How dumb to implement bridge AI in browser using wasm?

I've been playing with implementing an online bridge game (as in cards), and am thinking about creating an AI. I'm wondering whether I could get away with saving server resources by putting the AI into the client. This would make scaling up far easier, but I'm not sure about the limitations placed by browsers on wasm code.

The biggest issue is that I'll probably have peak memory use in excess of a gigabyte. Does anyone know at what point the browser will declare that too much? Are there other issues I should worry about?

Right now I have no AI code (well, a random AI) so I can't benchmark, but can estimate how many possible plays I'll need to cache.

Since you are using Rust, you can have both!
Run it in wasm when possible and fall back to the server if not.

I have no idea really. I suspect many users would be a bit distressed by a webpage consuming a gig of RAM. Meanwhile the same gig of RAM on the server can be used to serve AI to many browsers concurrently.

I think the threshold for alarming users with a 1GB page overhead has long ago been surpassed.

Do you have to transfer that 1GB to the client first? That would certainly put an end to it.

Popular chess sites like chess.com and lichess.org run AI in the browser using WASM, and it seems to work great. They do warn mobile device users that enabling client-side analysis can use a lot of battery.

3 Likes

Sadly, the Gig of RAM would be unique to each robot, since it would be a cache of possible endings for the play of a given hand. You could try to share cache, but it probably wouldn't be very helpful.

That's great to hear! I'm not sure I want to go to the effort of a WASM build + sending info back and forth (currently the max number of players is 4), but it's nice to know that it's possible to make client-side AI work. Although I suppose I don't know whether the chess AIs store a large cache like bridge AIs do.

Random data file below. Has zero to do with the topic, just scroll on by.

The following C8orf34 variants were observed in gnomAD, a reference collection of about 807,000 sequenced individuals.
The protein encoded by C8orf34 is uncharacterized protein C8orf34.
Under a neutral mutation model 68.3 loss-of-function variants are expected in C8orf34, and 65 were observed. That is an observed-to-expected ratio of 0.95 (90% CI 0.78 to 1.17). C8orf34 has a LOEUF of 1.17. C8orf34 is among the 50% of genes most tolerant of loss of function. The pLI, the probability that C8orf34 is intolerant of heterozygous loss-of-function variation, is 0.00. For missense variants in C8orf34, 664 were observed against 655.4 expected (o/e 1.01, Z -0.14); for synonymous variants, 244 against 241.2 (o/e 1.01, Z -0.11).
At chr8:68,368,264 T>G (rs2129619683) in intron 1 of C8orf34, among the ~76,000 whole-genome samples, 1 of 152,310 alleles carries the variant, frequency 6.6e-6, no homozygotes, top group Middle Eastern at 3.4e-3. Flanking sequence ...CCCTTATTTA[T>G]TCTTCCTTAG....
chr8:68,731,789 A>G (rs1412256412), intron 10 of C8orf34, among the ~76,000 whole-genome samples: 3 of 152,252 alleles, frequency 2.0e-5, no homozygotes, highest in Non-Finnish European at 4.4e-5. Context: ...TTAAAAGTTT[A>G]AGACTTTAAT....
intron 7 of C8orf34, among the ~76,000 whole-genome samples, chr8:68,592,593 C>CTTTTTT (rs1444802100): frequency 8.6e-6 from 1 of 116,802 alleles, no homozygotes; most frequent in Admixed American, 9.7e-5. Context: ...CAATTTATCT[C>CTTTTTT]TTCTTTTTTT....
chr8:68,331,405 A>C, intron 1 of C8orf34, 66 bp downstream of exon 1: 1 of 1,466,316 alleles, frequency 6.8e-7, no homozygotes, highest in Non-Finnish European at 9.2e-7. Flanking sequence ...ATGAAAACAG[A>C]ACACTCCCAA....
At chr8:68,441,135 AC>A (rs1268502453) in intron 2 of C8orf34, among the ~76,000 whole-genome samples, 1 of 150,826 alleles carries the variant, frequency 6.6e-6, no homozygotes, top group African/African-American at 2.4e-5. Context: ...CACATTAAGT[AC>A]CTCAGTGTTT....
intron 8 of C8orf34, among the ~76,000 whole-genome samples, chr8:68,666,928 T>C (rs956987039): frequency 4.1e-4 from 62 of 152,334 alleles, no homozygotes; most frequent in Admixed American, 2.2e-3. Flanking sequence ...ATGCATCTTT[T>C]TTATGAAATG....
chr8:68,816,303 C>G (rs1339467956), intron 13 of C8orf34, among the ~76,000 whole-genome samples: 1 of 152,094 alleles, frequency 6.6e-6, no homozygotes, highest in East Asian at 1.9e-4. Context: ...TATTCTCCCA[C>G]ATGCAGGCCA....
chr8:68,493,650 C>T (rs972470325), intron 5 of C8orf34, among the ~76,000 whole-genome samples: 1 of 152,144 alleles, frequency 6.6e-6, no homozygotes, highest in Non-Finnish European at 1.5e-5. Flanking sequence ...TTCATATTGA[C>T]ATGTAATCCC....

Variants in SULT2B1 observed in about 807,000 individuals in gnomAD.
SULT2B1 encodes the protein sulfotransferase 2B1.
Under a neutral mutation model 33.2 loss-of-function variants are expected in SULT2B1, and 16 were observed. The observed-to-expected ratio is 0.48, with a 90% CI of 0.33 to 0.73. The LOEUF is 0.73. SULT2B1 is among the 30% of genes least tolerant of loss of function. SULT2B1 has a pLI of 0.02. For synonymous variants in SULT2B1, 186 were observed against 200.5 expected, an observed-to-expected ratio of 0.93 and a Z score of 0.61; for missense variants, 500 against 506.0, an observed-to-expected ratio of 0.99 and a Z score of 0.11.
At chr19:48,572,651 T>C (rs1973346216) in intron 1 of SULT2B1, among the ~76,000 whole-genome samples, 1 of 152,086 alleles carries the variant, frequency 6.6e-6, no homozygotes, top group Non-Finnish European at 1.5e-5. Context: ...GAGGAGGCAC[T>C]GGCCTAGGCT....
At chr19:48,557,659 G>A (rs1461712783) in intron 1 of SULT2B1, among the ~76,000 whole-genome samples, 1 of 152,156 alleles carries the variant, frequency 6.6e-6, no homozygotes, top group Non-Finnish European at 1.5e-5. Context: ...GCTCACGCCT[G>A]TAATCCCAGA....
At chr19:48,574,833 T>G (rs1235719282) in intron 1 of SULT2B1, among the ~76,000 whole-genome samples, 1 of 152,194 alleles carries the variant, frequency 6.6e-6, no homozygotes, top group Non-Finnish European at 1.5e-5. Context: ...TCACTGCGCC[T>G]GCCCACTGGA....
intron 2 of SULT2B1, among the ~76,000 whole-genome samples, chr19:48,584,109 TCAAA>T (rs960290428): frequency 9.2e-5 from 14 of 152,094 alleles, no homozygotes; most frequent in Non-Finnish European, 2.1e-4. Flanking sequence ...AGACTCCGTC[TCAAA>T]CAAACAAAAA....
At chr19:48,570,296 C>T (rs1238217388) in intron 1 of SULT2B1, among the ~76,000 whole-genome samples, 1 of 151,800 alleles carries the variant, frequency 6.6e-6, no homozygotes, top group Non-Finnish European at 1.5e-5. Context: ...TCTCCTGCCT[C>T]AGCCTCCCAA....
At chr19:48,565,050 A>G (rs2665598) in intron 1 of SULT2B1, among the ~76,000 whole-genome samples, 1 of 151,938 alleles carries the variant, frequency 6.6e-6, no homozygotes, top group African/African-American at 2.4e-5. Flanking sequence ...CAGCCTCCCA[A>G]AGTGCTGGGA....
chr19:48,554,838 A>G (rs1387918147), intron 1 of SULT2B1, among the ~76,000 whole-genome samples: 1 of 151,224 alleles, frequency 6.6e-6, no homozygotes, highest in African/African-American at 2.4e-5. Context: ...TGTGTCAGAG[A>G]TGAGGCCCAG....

No, the 1GB (estimated) would be a cache of the outcome of different "final" states of the play of a bridge hand, so it would be computed on the client.

I have an old Chromebook that doesn't have enough memory, so I use the task manager to see which tab to blame when things slow down. It's not unusual to see pages taking a GB or more even without AI in the browser.

1 Like

From my experience the browser won't really try to cap memory usage. I've been to websites which use so much memory that they eventually force the OS to start paging, making my entire system grind to a halt.

Would it limiting how far into the future you calculate possible endings be feasible without impacting the game experience too much? So instead of (for example) calculating all possible game states to a depth of 10 moves you'll only go to 8 or 9?

Optimising is normally done by either doing something more efficiently/intelligently or doing less work. I'm assuming the game engine is already doing everything it can to reduce memory usage, so if you want to do work in the browser you'd need to find ways to do less.

It's probably implemented so that they do all the simulation and game logic inside some engine compiled to WebAssembly, with a JavaScript shell that handles the UI and synchronising moves between players.

I'm working on a CAD engine which puts a big emphasis on being used from the browser and that's roughly the design I use. It works pretty well.

I couldn't decrease the distance looked ahead, because that just doesn't work in bridge, but I could limit the number of players considered using a heuristic, and could reduce the number of possible sets of hands considered (for hands that aren't seen). The algorithm doesn't yet exist. My gigabyte estimate comes from the memory requirements of a highly optimized double dummy solver, which is solving a much easier problem, albeit exactly.

Edit: this morning I actually implemented my first estimator of the score resulting from a given holding, which is at the extreme of sloppy: it only considers one random play for I've random possible hand distribution...